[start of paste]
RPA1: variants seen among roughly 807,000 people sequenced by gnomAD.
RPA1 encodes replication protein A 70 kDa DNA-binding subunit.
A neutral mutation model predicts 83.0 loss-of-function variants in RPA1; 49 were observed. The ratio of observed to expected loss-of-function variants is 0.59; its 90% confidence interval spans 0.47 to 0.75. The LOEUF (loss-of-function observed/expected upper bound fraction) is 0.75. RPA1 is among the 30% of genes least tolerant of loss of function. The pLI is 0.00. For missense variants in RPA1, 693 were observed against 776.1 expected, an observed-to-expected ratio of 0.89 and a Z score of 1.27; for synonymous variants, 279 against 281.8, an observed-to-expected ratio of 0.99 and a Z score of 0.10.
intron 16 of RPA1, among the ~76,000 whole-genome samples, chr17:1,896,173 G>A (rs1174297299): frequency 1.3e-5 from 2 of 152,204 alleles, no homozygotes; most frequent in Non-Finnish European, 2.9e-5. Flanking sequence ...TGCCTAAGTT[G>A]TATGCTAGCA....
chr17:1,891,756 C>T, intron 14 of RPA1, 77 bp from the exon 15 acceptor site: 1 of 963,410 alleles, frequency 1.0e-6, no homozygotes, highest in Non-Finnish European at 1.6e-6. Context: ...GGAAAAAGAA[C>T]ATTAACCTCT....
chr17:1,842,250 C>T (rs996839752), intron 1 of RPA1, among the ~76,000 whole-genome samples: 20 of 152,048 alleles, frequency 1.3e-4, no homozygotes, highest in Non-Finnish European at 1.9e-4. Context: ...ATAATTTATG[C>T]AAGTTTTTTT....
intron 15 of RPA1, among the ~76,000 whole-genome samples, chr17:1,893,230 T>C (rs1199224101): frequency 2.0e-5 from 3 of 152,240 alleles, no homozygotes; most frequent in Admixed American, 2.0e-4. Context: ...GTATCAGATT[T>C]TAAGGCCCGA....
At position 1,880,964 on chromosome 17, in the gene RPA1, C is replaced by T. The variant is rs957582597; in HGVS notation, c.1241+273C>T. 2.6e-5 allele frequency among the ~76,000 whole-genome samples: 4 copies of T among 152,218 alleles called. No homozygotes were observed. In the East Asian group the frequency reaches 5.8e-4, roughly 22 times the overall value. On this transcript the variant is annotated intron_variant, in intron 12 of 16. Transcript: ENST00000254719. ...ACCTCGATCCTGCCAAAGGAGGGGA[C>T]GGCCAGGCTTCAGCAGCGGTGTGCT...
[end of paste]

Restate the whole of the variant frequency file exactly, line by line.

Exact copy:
RPA1: variants seen among roughly 807,000 people sequenced by gnomAD.
RPA1 encodes replication protein A 70 kDa DNA-binding subunit.
A neutral mutation model predicts 83.0 loss-of-function variants in RPA1; 49 were observed. The ratio of observed to expected loss-of-function variants is 0.59; its 90% confidence interval spans 0.47 to 0.75. The LOEUF (loss-of-function observed/expected upper bound fraction) is 0.75. RPA1 is among the 30% of genes least tolerant of loss of function. The pLI is 0.00. For missense variants in RPA1, 693 were observed against 776.1 expected, an observed-to-expected ratio of 0.89 and a Z score of 1.27; for synonymous variants, 279 against 281.8, an observed-to-expected ratio of 0.99 and a Z score of 0.10.
intron 16 of RPA1, among the ~76,000 whole-genome samples, chr17:1,896,173 G>A (rs1174297299): frequency 1.3e-5 from 2 of 152,204 alleles, no homozygotes; most frequent in Non-Finnish European, 2.9e-5. Flanking sequence ...TGCCTAAGTT[G>A]TATGCTAGCA....
chr17:1,891,756 C>T, intron 14 of RPA1, 77 bp from the exon 15 acceptor site: 1 of 963,410 alleles, frequency 1.0e-6, no homozygotes, highest in Non-Finnish European at 1.6e-6. Context: ...GGAAAAAGAA[C>T]ATTAACCTCT....
chr17:1,842,250 C>T (rs996839752), intron 1 of RPA1, among the ~76,000 whole-genome samples: 20 of 152,048 alleles, frequency 1.3e-4, no homozygotes, highest in Non-Finnish European at 1.9e-4. Context: ...ATAATTTATG[C>T]AAGTTTTTTT....
intron 15 of RPA1, among the ~76,000 whole-genome samples, chr17:1,893,230 T>C (rs1199224101): frequency 2.0e-5 from 3 of 152,240 alleles, no homozygotes; most frequent in Admixed American, 2.0e-4. Context: ...GTATCAGATT[T>C]TAAGGCCCGA....
At position 1,880,964 on chromosome 17, in the gene RPA1, C is replaced by T. The variant is rs957582597; in HGVS notation, c.1241+273C>T. 2.6e-5 allele frequency among the ~76,000 whole-genome samples: 4 copies of T among 152,218 alleles called. No homozygotes were observed. In the East Asian group the frequency reaches 5.8e-4, roughly 22 times the overall value. On this transcript the variant is annotated intron_variant, in intron 12 of 16. Transcript: ENST00000254719. ...ACCTCGATCCTGCCAAAGGAGGGGA[C>T]GGCCAGGCTTCAGCAGCGGTGTGCT...